Cannes Week is drawing to a close and the 59th Festival of Creativity has seen a massive spike in the number of entries coming through from agencies across the world seeking recognition for their brand thinking.
Over the past few years we have seen Cannes shed it’s ‘adland only’ image and it is swiftly becoming a melting pot of global talent from design, branded content, online and direct disciplines all rubbing shoulders to shine a light on cutting edge brand campaigns.
The creative industries in their various forms are often rife with competitiveness, whether due to fighting for budget on a brand brief or struggling for status as the current hot property in their discipline, a matter which often comes down to how innovative their campaign work is perceived to be.
Our professional spheres put a high premium on innovation, and Cannes is one of the few truly international places where agency divisions can come down (often at 3am at one of the many bars and parties) and it’s possible to simply celebrate innovative approaches in their many varied forms.
Because the Cannes Lions were founded to showcase the very best in global creative output and because so many people from so many industries will be in the Cannes crucible in the same place, it’s also a great place to get to know other disciplines and foster collaboration.
This is a tricky term in creative communications, simply because so many agencies are often striving for the same budgets and briefs.
However it’s unrealistic to think that one agency cannot learn and even take inspiration from another, just as it is unlikely that one agency can remain consistently innovative. American automotive designer Freeman Thomas, creator of the new VW Beetle and the Audi TT, once said that: "Good design begins with honesty, asks tough questions, comes from collaboration and from trusting your intuition."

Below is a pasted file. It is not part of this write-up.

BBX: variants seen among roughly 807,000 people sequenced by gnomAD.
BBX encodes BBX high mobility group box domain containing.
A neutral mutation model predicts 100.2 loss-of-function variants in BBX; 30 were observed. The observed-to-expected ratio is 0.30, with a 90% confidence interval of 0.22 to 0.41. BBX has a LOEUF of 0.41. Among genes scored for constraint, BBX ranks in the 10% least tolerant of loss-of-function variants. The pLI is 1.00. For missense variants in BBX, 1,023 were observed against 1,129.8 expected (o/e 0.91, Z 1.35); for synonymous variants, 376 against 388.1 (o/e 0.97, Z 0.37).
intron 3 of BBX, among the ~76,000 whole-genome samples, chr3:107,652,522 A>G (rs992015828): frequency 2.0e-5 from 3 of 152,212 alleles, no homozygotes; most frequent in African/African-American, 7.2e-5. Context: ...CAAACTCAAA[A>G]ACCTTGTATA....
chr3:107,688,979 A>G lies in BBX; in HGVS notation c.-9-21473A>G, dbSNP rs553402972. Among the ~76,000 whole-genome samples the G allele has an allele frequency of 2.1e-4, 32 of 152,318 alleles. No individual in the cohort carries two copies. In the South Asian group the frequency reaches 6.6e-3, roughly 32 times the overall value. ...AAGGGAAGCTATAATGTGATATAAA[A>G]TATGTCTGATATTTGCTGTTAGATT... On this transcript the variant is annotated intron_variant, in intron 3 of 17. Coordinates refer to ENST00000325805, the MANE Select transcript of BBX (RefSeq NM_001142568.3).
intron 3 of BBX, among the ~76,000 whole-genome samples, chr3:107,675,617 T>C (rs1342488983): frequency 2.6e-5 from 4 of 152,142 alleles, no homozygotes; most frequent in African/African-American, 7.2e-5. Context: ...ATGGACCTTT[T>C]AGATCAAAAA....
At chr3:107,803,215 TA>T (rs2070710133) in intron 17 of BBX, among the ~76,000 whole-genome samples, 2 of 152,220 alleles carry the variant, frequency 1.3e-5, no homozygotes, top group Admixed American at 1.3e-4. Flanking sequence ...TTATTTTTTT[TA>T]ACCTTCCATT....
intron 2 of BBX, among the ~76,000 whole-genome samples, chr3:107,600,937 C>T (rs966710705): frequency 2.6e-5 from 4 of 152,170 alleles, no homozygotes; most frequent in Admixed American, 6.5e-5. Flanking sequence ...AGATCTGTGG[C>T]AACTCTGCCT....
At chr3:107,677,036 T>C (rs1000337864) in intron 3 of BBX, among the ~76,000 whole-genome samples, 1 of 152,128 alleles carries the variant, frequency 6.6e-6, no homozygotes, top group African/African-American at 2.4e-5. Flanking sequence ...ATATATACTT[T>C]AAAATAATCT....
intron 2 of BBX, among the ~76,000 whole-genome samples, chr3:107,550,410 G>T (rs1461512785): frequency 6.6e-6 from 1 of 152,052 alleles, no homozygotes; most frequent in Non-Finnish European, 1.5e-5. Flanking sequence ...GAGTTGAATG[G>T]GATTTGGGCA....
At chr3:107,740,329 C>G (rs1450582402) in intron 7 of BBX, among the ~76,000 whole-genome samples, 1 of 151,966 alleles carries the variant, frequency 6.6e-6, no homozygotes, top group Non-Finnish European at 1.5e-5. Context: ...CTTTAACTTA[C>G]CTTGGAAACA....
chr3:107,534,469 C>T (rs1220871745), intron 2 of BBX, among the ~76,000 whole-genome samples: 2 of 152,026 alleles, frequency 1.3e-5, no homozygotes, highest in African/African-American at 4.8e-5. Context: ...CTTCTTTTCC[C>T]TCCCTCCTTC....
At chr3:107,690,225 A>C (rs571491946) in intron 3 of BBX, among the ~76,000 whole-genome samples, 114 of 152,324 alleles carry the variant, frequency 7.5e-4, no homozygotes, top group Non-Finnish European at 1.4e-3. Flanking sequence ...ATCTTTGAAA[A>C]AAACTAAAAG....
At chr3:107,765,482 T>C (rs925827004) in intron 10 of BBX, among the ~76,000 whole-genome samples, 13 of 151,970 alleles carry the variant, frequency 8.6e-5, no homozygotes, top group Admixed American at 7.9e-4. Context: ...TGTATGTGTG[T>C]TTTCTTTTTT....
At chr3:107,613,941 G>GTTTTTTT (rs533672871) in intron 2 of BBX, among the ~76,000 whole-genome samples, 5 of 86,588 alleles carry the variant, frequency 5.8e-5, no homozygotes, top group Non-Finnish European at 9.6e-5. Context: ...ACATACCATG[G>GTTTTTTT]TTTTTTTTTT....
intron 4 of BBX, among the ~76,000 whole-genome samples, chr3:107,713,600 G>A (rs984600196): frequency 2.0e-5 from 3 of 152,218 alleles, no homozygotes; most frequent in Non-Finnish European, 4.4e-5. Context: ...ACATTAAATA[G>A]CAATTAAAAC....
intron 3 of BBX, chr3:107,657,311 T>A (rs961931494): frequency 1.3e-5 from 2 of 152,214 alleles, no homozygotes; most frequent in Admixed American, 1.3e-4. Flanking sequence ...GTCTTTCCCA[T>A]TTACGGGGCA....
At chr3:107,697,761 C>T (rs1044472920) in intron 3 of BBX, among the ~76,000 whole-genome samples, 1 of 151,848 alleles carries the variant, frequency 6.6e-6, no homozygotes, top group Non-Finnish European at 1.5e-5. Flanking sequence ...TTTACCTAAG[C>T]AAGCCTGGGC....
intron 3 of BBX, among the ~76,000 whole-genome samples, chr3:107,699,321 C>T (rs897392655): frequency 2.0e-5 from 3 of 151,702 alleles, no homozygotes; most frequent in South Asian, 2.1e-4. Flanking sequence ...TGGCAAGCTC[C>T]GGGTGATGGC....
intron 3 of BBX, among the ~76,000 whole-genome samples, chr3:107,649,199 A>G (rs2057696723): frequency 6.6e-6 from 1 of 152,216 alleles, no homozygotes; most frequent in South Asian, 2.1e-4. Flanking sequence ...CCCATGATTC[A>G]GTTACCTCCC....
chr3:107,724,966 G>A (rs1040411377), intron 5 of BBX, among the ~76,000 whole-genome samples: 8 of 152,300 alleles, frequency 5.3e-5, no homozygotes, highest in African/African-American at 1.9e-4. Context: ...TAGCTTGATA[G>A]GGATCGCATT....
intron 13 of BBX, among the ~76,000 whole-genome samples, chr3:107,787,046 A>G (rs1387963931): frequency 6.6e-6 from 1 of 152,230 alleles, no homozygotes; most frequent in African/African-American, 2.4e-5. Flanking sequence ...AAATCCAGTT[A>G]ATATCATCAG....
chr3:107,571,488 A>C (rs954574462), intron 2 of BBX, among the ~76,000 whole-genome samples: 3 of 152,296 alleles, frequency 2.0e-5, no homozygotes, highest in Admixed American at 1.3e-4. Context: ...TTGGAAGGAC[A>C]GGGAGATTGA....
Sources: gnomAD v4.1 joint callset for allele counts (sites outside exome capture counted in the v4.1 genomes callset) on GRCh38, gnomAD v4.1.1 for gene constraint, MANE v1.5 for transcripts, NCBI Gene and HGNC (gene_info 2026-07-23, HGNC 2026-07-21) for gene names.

In my experience, creative industries are good at going with their gut when it comes to developing exceptional ideas.
They are less good at working with others to progress these bright ideas and capitalise on their potential to the fullest. True inspiration is so revered - it is a natural urge to want to keep it within the company you work for, to own the idea with the client.
It is not however helpful when it comes to splitting the idea out across different customer touchpoints, especially in an increasingly fragmenting environment.
The thinking behind the CannesAlso project and its home at the Play, Make, Master pavilion at the heart of the festival space is to celebrate the creative beyond the branded communications so central to the Cannes Lions Awards programme.
It has been amazing to see people from typically competing agencies and client companies come together to be inspired, to learn new techniques and to step out of their usual media spheres and create using plastic bricks, clay and latex.
As usual in creative businesses, there is more which unites us than divides us, and a constant strive to seek out the new and the original is core to each and every one of us.
This kind of approach is crucial in driving our various marketing and branding professions on to every greater heights of inspiration, leading to truly impactful campaigns and executions for clients.